It wasn’t so long ago that China tech investment loved US startups. Now, the two tech markets feel like they’re on different planets.
Over the past week, US officials have announced plans to rid American networks of Chinese technology and digital services, and announced bans that could outlaw the use of short video platform Tiktok and popular messaging app Wechat in the US.
The move has taken tech tensions between the two companies to unprecedented levels, and placed additional pressure on Tiktok owner Bytedance to sell the short video platform’s US operations over national security concerns.
So far, the American offensive specifically targets two companies, but ripple effects are creating uncertainty over just how wide-ranging the ban could be—especially for Wechat’s owner Tencent, which holds a formidable portfolio of US investments.
So how do geopolitical tensions affect Chinese tech’s overseas investments? Pretty significantly, it turns out. In fact, the story of American measures to stifle Chinese influence in its home market starts long before July.
I scraped and analyzed public funding data to pinpoint deals by Chinese tech majors in the US. The numbers highlight a turning point in 2018, when the US sharpened its focus on companies like telecommunications giants Huawei and ZTE. Since then, Chinese investments in US startups have fallen off a cliff.
Tech giants like Alibaba, Tencent, and Baidu appear to have reversed their US investment strategies amid rising tensions between China and the US, as two superpowers tussle over the future of the companies that dominate the internet.
- Chinese tech giants invested heavily in the US between 2010 and 2018, but quickly scaled back investments in US startups beginning in 2019.
- The drop-off is partly explained by increased scrutiny in 2018, when the Committee on Foreign Investments in the United States (CFIUS) was given more power to review investments in US companies.
- Since then, new Chinese investments in American startups have fallen dramatically. Contributions in the first quarter of 2020 dropped to $400 million, down by more than a third compared to the same period in 2019, according to the US-China Investment Project.
- The drop in funding occurred only among Chinese investors—overall investment flows into US startups largely remained the same in 2019.
It started with a boom. After gaining a solid foothold in their home markets, Chinese tech giants started looking abroad for the next big thing.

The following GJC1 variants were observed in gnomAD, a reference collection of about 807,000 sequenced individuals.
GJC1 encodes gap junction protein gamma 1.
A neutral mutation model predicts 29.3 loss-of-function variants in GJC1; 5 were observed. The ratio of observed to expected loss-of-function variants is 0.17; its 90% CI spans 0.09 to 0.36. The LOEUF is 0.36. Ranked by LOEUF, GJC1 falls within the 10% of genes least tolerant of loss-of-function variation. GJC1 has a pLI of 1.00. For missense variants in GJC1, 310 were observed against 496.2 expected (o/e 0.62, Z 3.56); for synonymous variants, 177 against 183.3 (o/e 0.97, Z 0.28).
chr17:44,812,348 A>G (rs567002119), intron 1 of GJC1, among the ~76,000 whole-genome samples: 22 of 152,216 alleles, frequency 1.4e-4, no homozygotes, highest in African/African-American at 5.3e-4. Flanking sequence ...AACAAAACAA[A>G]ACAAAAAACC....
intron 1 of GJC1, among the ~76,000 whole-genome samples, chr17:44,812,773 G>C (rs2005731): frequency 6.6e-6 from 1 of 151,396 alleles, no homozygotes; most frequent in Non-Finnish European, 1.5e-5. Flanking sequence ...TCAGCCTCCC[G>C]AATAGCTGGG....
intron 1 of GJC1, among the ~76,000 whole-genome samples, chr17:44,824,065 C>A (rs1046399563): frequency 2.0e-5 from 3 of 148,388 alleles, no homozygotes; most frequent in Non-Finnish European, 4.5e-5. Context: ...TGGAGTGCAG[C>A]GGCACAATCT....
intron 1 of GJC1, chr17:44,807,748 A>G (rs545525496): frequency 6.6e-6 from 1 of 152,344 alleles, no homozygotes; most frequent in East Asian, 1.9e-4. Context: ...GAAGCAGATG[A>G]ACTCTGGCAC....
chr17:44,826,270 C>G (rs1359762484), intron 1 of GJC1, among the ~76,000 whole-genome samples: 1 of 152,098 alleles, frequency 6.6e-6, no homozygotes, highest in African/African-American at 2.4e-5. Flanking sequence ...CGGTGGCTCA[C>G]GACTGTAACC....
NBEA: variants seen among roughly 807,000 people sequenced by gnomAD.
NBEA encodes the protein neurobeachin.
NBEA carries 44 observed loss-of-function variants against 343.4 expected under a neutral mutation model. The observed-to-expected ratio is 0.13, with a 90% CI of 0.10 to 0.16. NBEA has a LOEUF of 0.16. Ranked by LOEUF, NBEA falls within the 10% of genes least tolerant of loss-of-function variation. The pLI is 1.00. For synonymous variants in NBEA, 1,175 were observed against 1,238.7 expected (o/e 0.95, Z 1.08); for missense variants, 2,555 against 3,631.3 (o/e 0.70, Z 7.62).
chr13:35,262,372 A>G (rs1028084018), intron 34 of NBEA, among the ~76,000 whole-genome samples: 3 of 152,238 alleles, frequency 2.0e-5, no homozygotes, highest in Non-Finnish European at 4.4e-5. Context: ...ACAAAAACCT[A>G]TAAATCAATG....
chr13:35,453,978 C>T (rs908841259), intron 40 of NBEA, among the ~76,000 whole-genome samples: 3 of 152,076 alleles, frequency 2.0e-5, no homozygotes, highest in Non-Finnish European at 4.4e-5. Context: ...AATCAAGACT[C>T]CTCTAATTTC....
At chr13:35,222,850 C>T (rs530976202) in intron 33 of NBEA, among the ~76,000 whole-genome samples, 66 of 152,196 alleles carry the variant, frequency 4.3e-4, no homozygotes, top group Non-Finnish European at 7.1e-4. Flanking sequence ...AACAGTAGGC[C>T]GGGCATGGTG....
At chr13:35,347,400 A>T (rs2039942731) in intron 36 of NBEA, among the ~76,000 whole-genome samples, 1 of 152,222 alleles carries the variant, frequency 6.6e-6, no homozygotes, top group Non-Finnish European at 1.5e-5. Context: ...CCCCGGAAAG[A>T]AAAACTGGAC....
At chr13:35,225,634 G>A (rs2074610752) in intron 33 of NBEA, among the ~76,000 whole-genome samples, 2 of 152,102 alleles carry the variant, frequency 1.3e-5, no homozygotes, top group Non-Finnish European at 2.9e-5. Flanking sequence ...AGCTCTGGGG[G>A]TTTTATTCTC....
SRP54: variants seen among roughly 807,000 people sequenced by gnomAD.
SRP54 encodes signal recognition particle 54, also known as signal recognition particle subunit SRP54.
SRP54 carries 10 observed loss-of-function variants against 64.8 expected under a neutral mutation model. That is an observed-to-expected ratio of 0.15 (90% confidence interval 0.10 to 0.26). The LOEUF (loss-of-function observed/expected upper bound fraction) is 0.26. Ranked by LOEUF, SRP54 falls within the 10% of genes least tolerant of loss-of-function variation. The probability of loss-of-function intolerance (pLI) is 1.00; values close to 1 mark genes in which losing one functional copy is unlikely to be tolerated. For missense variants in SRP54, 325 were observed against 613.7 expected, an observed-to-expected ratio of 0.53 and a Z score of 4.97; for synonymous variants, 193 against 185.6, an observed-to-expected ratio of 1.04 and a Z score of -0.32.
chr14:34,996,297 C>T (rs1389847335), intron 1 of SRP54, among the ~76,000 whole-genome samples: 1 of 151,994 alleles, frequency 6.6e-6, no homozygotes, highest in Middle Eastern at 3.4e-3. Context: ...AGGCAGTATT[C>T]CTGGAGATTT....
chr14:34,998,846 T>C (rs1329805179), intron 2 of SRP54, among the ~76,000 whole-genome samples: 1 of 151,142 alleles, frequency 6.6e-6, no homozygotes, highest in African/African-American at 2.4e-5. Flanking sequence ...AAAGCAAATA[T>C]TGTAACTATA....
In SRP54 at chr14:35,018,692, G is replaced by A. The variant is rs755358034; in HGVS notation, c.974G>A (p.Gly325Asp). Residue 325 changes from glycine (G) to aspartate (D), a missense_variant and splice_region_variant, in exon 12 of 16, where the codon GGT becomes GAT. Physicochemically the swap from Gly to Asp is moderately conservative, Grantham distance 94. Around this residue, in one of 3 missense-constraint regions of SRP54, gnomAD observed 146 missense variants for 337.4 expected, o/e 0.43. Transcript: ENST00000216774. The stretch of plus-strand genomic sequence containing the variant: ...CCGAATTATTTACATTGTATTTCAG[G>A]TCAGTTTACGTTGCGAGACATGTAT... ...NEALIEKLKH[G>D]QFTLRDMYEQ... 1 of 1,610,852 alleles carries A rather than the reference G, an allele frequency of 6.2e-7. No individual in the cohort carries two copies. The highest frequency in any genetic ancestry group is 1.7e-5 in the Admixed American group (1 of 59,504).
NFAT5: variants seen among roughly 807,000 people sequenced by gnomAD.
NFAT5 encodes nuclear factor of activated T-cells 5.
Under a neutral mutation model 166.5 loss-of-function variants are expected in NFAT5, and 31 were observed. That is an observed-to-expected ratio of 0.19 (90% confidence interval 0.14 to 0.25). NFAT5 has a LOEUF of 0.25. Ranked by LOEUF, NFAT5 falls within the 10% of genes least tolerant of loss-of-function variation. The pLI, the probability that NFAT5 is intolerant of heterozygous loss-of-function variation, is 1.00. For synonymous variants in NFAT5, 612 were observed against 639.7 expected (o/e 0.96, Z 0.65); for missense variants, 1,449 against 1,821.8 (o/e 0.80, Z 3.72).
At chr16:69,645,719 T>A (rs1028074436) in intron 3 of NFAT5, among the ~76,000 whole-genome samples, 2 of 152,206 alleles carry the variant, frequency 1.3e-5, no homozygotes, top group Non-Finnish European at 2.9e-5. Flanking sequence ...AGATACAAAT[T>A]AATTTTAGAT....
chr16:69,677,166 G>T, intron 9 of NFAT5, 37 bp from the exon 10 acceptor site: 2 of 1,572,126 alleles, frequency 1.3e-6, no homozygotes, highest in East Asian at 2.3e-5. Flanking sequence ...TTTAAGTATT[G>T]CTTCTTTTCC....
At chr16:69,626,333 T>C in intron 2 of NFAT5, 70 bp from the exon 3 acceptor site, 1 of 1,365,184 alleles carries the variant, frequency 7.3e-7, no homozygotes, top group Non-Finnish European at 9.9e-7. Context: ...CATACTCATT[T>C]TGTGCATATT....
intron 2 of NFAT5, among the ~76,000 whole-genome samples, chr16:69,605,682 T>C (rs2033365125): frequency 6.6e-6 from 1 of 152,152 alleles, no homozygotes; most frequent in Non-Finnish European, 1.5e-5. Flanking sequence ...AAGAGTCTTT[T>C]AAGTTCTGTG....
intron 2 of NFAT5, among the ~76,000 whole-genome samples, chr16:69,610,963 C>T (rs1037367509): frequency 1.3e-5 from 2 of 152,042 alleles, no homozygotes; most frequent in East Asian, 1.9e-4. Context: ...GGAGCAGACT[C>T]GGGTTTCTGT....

In 2008, Tencent became the first Chinese tech giant to set its sights on the US, investing in big-ticket companies like electric vehicle maker Tesla and social media giant Snap.
The company has participated in 81 funding rounds for US startups since 2008. Its US investments peaked between 2014 and 2017, a period when it made three-quarters of its deals—62 in all.
In 2010, the same year that Google bowed out of China over concerns of censorship and cyber threats, e-commerce giant Alibaba made its first move into the US. The e-commerce giant has since taken part in 27 funding rounds for US companies. These rounds totaled more than $5.4 billion. Given how companies guard information about their investments, the data presents only the total value of each funding round rather than Alibaba’s individual contributions.
Meanwhile, Baidu made its first US investment in 2013. Though it has taken part in significantly fewer funding rounds than either Alibaba or Tencent, Baidu’s investment peak came in 2016, when it participated in rounds for lidar-maker Velodyne, as well as fintech companies Circle and Zestfinance.
Overall, Chinese venture funding in the US amounted to around $14 billion between 2013 and 2018, according to figures from the US-China Investment Project. Total investment spiked in 2018 at $4.7 billion, but otherwise plateaued between 2015 and 2019 at around $2.5 billion.
Everything changed after 2018. In 2016, Baidu, Alibaba, and Tencent were involved in 22 deals in the US. In 2019, they took part in a paltry three investments.
The reason was almost certainly politics. As trade tensions between the world’s two largest economies flared, the US and Chinese tech sectors took most of the heat. Hostility grew and investments shrank.
Chinese investors that focused on US startups in previous years have sought distance from the sector. Tightening US regulations drove them away, while the prospect of bigger returns lured them to developing markets. New rules that give CFIUS extra power added another important reason for the decline.
In 2019, Tencent took part in just two funding rounds—one for social media news aggregator Reddit, and another for contacts manager Contacts+—a 90% decrease from its height of 23 deals in 2015, and a 70% year-on-year decline from 2018.